This is our old Q&A Site. Please post any new questions and answers at ask.wireshark.org.

Hello,

New to WS and TCP analysis and hoping someone can answer the following questions.

I'm using version 2.2.4 on Windows 10

  1. I want to know if the application I'm using is single thread or multi thread and believe WS can help clarify this correct?
  2. After the capture is done if I go up to statistics and conversations then TCP I saw only one conversations between the two IP addresses I am interested in. I only had one Instance of the application open does that mean it's a single thread? However, we could of opened up multiple instances of the application so does that mean it's multi-thread?

  3. If I scroll through a capture and find a packet with the destination IP my application is talking to and right click and choose conversation filter and click on TCP. The next screen takes me to that ?? fill in the blank because when I click follow the TCP stream it's the same packets so what's the difference between stream and conversation if any?

thanks for any help!

also, if you want to recommend any good books on WS for beginners or TCP for beginners let me know.

asked 14 Feb '17, 08:53

rock90's gravatar image

rock90
21111115
accept rate: 0%


1 - Wireshark is unable to show how many threads are running in an application. You might be able to infer something from looking at the network traffic, but it would basically be a guess.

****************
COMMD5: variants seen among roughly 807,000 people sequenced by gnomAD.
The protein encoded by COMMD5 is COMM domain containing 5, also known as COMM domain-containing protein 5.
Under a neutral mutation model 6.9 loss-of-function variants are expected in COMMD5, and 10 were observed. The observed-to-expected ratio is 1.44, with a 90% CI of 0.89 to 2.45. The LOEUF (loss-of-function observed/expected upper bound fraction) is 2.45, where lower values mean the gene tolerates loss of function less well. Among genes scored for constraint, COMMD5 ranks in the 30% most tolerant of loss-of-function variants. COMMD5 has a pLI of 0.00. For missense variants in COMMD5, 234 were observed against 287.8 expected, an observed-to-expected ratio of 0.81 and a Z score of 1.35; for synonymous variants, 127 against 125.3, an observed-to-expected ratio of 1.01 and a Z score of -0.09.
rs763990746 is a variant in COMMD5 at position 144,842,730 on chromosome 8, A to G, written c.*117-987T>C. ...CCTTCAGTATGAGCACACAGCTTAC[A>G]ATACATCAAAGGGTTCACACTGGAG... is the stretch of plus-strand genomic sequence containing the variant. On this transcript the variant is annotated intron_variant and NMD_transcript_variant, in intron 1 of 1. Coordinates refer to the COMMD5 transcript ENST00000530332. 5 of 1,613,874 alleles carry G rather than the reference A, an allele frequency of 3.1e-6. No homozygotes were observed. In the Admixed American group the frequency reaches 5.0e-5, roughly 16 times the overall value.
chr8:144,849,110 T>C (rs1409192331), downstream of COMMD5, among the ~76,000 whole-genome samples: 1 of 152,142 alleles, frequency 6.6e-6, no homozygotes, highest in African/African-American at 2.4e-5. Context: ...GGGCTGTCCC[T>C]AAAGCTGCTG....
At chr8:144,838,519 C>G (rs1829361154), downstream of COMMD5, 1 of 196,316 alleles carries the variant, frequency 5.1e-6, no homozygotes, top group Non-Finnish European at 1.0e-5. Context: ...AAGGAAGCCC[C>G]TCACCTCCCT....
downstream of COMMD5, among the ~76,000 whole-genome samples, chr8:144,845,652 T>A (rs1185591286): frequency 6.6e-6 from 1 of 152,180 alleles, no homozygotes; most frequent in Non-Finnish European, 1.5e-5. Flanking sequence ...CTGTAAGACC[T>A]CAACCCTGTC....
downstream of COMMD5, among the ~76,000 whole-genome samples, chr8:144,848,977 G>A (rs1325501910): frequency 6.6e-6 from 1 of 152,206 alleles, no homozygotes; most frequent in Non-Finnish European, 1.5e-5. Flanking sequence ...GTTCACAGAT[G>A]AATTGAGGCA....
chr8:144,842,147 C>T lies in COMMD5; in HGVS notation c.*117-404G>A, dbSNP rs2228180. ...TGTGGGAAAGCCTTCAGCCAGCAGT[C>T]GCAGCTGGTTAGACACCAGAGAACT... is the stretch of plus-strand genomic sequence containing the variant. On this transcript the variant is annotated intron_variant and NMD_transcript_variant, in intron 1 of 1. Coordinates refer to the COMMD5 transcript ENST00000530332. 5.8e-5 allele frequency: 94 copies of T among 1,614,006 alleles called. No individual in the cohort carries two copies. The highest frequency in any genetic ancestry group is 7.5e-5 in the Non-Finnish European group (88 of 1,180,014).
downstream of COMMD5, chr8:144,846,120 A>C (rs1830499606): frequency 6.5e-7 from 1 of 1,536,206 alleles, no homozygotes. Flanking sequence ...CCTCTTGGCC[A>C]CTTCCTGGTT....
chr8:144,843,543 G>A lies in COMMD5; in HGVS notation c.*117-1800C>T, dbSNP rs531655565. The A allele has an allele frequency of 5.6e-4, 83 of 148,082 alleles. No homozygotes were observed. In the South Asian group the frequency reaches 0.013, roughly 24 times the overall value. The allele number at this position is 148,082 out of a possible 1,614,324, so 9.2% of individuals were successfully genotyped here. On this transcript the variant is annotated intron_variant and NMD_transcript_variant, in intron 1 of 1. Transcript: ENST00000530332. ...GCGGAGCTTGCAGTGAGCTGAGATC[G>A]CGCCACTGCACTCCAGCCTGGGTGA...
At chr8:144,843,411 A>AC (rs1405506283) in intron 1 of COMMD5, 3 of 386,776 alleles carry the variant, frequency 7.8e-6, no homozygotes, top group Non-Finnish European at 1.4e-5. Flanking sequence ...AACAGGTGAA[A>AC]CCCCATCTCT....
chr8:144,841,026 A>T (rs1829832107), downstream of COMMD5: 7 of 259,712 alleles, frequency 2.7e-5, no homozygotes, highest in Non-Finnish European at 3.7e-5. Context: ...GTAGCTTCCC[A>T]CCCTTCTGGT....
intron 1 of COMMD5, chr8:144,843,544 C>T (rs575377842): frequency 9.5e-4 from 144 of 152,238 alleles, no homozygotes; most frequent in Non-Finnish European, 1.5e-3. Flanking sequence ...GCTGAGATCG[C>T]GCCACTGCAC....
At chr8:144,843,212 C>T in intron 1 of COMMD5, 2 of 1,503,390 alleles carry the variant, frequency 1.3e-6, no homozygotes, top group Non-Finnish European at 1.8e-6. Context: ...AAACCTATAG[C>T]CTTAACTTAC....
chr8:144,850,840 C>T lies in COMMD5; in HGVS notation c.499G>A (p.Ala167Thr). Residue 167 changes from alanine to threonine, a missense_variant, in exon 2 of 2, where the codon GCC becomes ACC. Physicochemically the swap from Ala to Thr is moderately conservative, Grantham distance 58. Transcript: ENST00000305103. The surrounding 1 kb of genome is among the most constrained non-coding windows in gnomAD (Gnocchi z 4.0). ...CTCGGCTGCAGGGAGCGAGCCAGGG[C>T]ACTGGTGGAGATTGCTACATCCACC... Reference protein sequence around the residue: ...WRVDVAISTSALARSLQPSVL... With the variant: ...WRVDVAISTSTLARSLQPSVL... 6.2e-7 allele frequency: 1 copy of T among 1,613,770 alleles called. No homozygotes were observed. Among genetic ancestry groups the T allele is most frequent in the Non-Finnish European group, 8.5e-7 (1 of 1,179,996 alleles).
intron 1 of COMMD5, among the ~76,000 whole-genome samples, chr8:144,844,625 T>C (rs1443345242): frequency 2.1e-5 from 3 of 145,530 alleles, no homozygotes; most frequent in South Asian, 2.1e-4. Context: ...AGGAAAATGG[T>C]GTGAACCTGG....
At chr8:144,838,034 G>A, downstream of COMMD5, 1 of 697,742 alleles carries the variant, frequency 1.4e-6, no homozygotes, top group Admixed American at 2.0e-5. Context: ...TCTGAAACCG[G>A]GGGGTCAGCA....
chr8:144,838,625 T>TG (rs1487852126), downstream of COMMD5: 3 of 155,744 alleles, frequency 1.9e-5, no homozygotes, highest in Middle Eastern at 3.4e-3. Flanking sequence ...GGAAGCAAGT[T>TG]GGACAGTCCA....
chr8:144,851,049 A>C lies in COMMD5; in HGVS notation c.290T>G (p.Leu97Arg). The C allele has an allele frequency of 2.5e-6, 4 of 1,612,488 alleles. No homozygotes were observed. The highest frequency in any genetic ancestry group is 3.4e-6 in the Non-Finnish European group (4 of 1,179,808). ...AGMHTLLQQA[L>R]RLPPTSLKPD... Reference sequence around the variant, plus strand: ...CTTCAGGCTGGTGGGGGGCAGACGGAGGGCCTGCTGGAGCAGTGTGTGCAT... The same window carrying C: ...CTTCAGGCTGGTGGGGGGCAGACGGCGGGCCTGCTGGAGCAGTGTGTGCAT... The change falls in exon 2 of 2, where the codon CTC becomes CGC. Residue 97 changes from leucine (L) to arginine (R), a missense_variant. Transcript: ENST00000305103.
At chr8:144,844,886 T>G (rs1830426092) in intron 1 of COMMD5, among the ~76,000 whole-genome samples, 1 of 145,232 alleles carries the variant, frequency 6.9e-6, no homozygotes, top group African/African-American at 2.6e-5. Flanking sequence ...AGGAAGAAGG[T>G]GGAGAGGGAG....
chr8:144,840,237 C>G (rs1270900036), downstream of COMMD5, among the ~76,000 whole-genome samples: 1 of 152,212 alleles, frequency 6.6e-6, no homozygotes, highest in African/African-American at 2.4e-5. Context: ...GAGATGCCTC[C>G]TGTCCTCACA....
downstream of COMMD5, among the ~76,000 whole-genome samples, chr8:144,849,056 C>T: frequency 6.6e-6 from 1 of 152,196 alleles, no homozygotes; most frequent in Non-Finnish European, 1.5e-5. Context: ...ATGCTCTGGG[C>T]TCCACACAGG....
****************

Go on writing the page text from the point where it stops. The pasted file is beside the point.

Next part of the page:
You can find the number of threads in use from Task Manager, select the Details tab, right click any of the column headers, click "Select Columns" and then check the Threads item. Note that a multithreaded application may still be using a single thread for network I/O (unlikely though).

2 - The conversations display shows a summary of the conversations between two endpoints, for TCP the endpoints are the source IP and port and destination IP and port. This has nothing to do with a single threaded or multithreaded application.

3 - A conversation includes all traffic between 2 endpoints, see item 2 above. A tcp stream is defined by the start, the initial SYN packet, and the end, the final FIN ACK packet. TCP conversations include all streams between those two endpoints. Your capture likely contains one conversation with a single stream hence the similarity of the results.

permanent link

answered 14 Feb '17, 09:10

grahamb's gravatar image

grahamb ♦
19.8k330206
accept rate: 22%

Welcome.

  1. No, it can't. Wireshark can look at network conversations, but it can't tell you details about application behavior on a computer - only what kind of packets/data it sends/receives.
  2. No, see point 1. You can't deduct that from network behavior.
  3. You filtered a TCP conversation, meaning all other packets will be hidden temporarily. If you only had one conversation visible before the filter won't do anything - you're hidding everything else, but there's nothing else. A stream and a conversation are basically the same thing in your case.
permanent link

answered 14 Feb '17, 09:00

Jasper's gravatar image

Jasper ♦♦
23.8k551284
accept rate: 18%

As for training material we have to refer to all this material.

permanent link

answered 14 Feb '17, 09:59

Jaap's gravatar image

Jaap ♦
11.7k16101
accept rate: 14%

Your answer
toggle preview

Follow this question

By Email:

Once you sign in you will be able to subscribe for any updates here

By RSS:

Answers

Answers and Comments

Markdown Basics

  • *italic* or _italic_
  • **bold** or __bold__
  • link:[text](http://url.com/ "title")
  • image?![alt text](/path/img.jpg "title")
  • numbered list: 1. Foo 2. Bar
  • to add a line break simply add two spaces to where you would like the new line to be.
  • basic HTML tags are also supported

Question tags:

×21
×3

question asked: 14 Feb '17, 08:53

question was seen: 1,146 times

last updated: 14 Feb '17, 09:59

p​o​w​e​r​e​d by O​S​Q​A